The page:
NOAA Posts Winter Outlook

You've all heard it by now, a strong El Nino is in place and will likely have huge impacts on our winter season across the United States. NOAA has put out the winter forecast for the nation and it shows the potential for a warmer and drier than normal winter season, here in Wisconsin.

As a quick refresher, El Nino is the warming of surface waters in the equatorial Pacific. While this is a normal cycle that happens every several years, it does have an effect on large scale weather patterns. In winter, the polar jet stream comes down our way delivering blasts of cold air, and also serves as a storm track driving storms along its path.  During El Nino years, that track can shift farther north, leaving us in a more favorable area for milder temps. In addition, the The Pacific jet stream brings added moisture across the southern United States. This set up also should bring beneficial rains to the West Coast.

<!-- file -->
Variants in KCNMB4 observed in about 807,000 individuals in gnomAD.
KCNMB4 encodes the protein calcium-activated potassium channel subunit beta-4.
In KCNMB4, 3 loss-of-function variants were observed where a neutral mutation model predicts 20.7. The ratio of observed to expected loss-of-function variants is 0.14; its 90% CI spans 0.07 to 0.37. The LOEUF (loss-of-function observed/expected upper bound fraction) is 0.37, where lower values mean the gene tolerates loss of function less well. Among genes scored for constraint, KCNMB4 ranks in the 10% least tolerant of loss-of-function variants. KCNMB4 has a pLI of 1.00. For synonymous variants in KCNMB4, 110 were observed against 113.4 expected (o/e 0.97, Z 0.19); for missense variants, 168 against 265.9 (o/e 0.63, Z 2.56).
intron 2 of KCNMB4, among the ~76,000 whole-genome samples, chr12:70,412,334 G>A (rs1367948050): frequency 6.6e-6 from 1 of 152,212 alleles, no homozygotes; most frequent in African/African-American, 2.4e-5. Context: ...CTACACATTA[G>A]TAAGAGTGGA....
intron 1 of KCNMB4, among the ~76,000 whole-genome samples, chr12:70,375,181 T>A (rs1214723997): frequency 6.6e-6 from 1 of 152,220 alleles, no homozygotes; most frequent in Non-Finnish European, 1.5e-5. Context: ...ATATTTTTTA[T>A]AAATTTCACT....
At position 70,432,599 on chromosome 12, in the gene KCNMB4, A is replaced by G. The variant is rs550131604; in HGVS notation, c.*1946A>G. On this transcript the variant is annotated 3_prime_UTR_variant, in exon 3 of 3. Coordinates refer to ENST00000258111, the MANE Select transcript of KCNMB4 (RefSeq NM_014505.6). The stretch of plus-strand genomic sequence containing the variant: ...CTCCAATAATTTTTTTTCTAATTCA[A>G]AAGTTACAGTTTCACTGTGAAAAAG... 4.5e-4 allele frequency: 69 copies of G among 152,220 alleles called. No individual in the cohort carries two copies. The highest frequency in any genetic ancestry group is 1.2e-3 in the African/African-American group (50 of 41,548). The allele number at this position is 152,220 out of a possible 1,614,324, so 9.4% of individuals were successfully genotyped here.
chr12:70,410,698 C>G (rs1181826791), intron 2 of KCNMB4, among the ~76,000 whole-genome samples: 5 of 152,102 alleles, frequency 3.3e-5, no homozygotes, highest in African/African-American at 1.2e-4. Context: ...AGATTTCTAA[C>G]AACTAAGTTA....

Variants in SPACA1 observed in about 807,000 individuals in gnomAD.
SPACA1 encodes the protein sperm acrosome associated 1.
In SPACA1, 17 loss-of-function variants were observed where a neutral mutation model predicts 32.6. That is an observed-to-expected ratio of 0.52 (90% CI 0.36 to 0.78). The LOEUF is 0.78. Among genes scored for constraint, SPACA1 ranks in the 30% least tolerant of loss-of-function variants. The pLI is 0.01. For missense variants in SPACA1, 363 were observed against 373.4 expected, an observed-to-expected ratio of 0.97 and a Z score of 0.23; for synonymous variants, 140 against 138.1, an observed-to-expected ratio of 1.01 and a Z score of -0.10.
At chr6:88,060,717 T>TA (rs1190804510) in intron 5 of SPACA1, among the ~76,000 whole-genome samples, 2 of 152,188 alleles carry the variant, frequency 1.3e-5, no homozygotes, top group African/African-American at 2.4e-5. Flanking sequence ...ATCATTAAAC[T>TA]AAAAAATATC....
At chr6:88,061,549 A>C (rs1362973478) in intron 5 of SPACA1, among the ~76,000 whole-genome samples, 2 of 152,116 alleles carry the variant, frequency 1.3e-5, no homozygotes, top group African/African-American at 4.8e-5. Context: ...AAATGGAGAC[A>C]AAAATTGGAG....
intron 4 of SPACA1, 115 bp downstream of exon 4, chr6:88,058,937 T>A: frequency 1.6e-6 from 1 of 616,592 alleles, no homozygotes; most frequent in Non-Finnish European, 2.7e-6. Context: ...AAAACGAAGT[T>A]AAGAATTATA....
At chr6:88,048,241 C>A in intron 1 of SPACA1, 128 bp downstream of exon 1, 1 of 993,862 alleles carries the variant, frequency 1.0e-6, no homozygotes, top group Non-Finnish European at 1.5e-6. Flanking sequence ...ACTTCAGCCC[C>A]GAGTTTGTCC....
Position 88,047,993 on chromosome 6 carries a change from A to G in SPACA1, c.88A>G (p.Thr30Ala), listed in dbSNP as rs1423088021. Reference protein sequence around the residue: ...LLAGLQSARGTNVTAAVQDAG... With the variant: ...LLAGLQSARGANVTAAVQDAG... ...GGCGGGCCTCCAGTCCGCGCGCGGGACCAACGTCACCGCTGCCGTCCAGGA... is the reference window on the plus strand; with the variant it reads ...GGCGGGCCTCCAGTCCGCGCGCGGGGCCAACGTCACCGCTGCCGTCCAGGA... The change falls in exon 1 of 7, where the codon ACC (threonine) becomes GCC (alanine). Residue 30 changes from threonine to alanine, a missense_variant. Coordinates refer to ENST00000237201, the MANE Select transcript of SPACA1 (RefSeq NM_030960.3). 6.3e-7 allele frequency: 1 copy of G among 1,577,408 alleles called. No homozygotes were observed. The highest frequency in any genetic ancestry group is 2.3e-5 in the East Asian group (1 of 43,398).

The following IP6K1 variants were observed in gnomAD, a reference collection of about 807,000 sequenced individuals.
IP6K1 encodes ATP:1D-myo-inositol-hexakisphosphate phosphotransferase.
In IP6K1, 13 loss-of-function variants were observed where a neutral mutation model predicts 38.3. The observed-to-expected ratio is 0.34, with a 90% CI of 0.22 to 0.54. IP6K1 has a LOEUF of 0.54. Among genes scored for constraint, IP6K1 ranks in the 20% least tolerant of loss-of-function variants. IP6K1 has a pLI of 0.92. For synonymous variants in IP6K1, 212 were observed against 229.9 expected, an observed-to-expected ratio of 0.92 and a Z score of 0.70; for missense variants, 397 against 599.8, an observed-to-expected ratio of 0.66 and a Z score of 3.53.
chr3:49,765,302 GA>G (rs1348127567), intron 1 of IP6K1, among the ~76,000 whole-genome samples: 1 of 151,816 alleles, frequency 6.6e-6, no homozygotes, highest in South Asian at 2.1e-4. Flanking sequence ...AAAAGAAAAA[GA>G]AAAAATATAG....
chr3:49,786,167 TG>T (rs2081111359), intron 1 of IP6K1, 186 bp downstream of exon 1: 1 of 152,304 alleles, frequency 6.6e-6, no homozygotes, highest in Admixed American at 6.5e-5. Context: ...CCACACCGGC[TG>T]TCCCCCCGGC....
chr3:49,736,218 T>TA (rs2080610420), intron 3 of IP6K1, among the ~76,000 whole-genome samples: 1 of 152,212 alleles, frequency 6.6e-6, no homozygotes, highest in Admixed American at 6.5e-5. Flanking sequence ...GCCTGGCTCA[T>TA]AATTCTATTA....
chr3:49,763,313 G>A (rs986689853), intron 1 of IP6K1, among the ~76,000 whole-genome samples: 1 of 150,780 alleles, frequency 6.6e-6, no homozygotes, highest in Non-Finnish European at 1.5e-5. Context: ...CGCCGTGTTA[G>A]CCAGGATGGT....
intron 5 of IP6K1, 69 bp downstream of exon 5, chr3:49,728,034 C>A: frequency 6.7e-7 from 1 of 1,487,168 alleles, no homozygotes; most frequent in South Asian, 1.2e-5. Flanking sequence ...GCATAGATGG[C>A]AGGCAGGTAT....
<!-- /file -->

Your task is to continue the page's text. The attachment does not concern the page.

What about closer to home?  According to the National Weather Service, a study done by the Midwest Regional Climate Center revealed that southern Wisconsin's winter temperatures were above normal during three of the six strong El Ninos, and near normal or above normal for all six strong El Ninos. The strongest El Ninos were in 1997-98 and 1982-83, while there were other strong El Ninos in 1957-58, 1965-66, 1972-73, and 2009-10. In regards to precipitation, winter snowfall in southern Wisconsin was near or below average during 5 of 6 strong El Ninos. For perspective, our area receives about 35" of snowfall during the December through February time frame.

Check out the visuals on the temperature and precipitation trend expected for the upcoming season.

Stay tuned to further updates as the cold season unfolds. For more information on El Nino, follow this link:

I'm meteorologist Rebecca Schuld

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